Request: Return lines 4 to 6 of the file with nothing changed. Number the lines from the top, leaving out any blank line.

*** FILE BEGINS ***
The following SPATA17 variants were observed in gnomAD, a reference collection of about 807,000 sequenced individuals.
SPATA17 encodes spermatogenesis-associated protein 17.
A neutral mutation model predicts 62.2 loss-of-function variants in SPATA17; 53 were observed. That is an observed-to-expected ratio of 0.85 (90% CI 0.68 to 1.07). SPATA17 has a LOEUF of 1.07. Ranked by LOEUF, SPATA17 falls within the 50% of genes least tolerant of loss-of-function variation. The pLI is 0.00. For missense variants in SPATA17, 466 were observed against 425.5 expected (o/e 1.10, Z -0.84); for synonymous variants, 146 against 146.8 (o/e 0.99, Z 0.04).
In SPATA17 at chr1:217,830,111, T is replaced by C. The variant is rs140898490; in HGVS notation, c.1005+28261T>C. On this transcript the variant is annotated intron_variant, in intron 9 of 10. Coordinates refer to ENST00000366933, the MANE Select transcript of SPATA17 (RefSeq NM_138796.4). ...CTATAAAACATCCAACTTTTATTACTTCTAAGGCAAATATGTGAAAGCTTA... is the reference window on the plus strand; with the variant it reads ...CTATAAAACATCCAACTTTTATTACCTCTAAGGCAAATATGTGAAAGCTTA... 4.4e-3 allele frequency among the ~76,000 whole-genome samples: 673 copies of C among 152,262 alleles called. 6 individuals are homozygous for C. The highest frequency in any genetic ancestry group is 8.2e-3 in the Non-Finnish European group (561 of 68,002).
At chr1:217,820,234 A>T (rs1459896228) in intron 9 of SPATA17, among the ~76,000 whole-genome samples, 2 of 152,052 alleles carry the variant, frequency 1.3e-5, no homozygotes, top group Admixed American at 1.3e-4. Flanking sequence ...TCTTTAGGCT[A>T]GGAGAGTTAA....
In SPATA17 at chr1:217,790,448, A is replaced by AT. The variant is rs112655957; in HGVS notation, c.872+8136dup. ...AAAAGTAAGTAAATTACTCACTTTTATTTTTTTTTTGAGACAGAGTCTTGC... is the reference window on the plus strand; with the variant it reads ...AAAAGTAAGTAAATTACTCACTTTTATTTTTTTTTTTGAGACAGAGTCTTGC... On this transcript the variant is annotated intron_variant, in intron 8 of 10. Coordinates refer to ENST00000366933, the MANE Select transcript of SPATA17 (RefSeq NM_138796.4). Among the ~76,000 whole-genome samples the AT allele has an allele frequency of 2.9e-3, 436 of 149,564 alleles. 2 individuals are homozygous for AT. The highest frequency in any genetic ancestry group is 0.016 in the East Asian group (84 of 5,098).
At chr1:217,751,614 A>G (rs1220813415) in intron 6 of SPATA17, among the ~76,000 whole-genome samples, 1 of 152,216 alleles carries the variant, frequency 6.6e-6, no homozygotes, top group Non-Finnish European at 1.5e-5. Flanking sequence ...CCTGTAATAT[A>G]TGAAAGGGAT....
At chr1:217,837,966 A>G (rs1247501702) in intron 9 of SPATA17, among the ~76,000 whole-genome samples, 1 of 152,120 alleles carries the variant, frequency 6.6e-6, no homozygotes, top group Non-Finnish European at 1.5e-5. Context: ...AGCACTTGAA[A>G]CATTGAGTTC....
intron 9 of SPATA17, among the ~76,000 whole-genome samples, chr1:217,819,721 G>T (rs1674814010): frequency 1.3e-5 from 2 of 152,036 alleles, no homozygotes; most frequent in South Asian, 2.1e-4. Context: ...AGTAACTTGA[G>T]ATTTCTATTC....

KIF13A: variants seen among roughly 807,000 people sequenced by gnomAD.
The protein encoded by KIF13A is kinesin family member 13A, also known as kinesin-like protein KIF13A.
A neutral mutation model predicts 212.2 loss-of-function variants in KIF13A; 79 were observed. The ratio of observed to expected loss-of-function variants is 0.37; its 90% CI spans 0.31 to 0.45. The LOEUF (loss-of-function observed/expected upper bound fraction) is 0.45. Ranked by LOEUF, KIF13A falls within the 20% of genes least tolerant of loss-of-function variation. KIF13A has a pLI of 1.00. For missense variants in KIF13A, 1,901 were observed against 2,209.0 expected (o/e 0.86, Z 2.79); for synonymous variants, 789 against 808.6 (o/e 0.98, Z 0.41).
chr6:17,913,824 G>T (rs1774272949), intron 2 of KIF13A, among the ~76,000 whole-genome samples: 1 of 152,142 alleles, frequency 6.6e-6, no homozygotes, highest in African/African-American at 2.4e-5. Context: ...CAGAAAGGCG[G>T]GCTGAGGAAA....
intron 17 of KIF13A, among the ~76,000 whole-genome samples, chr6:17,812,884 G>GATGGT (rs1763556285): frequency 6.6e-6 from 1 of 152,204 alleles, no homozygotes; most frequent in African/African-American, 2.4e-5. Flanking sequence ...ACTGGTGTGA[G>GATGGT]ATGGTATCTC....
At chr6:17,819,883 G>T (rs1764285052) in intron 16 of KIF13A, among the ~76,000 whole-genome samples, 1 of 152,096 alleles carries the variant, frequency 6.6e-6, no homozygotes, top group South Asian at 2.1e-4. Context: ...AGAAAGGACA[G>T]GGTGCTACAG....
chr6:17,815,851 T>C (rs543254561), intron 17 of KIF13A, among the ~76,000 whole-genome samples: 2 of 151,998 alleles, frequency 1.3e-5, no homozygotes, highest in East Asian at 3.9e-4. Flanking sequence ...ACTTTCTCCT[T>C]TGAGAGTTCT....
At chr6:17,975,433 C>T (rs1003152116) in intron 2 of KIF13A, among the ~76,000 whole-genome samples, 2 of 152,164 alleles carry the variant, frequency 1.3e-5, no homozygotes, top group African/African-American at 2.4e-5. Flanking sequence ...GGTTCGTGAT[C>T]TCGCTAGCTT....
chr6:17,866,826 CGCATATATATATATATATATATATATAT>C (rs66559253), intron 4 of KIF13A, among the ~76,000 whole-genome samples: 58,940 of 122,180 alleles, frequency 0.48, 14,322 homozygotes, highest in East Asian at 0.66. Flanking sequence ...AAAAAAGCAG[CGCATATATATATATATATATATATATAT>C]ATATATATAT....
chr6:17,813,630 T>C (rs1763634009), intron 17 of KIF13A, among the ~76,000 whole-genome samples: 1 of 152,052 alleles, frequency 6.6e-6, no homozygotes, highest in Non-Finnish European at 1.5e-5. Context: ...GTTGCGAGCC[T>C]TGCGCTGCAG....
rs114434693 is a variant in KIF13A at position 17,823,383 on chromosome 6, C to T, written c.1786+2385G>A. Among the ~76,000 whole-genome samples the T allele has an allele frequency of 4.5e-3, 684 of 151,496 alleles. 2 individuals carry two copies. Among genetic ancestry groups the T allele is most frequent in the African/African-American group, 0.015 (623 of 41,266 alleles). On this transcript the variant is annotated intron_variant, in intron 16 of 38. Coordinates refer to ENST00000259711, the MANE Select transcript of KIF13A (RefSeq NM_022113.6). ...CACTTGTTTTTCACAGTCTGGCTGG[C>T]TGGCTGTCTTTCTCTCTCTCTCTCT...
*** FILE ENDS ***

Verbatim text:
In SPATA17 at chr1:217,830,111, T is replaced by C. The variant is rs140898490; in HGVS notation, c.1005+28261T>C. On this transcript the variant is annotated intron_variant, in intron 9 of 10. Coordinates refer to ENST00000366933, the MANE Select transcript of SPATA17 (RefSeq NM_138796.4). ...CTATAAAACATCCAACTTTTATTACTTCTAAGGCAAATATGTGAAAGCTTA... is the reference window on the plus strand; with the variant it reads ...CTATAAAACATCCAACTTTTATTACCTCTAAGGCAAATATGTGAAAGCTTA... 4.4e-3 allele frequency among the ~76,000 whole-genome samples: 673 copies of C among 152,262 alleles called. 6 individuals are homozygous for C. The highest frequency in any genetic ancestry group is 8.2e-3 in the Non-Finnish European group (561 of 68,002).
At chr1:217,820,234 A>T (rs1459896228) in intron 9 of SPATA17, among the ~76,000 whole-genome samples, 2 of 152,052 alleles carry the variant, frequency 1.3e-5, no homozygotes, top group Admixed American at 1.3e-4. Flanking sequence ...TCTTTAGGCT[A>T]GGAGAGTTAA....
In SPATA17 at chr1:217,790,448, A is replaced by AT. The variant is rs112655957; in HGVS notation, c.872+8136dup. ...AAAAGTAAGTAAATTACTCACTTTTATTTTTTTTTTGAGACAGAGTCTTGC... is the reference window on the plus strand; with the variant it reads ...AAAAGTAAGTAAATTACTCACTTTTATTTTTTTTTTTGAGACAGAGTCTTGC... On this transcript the variant is annotated intron_variant, in intron 8 of 10. Coordinates refer to ENST00000366933, the MANE Select transcript of SPATA17 (RefSeq NM_138796.4). Among the ~76,000 whole-genome samples the AT allele has an allele frequency of 2.9e-3, 436 of 149,564 alleles. 2 individuals are homozygous for AT. The highest frequency in any genetic ancestry group is 0.016 in the East Asian group (84 of 5,098).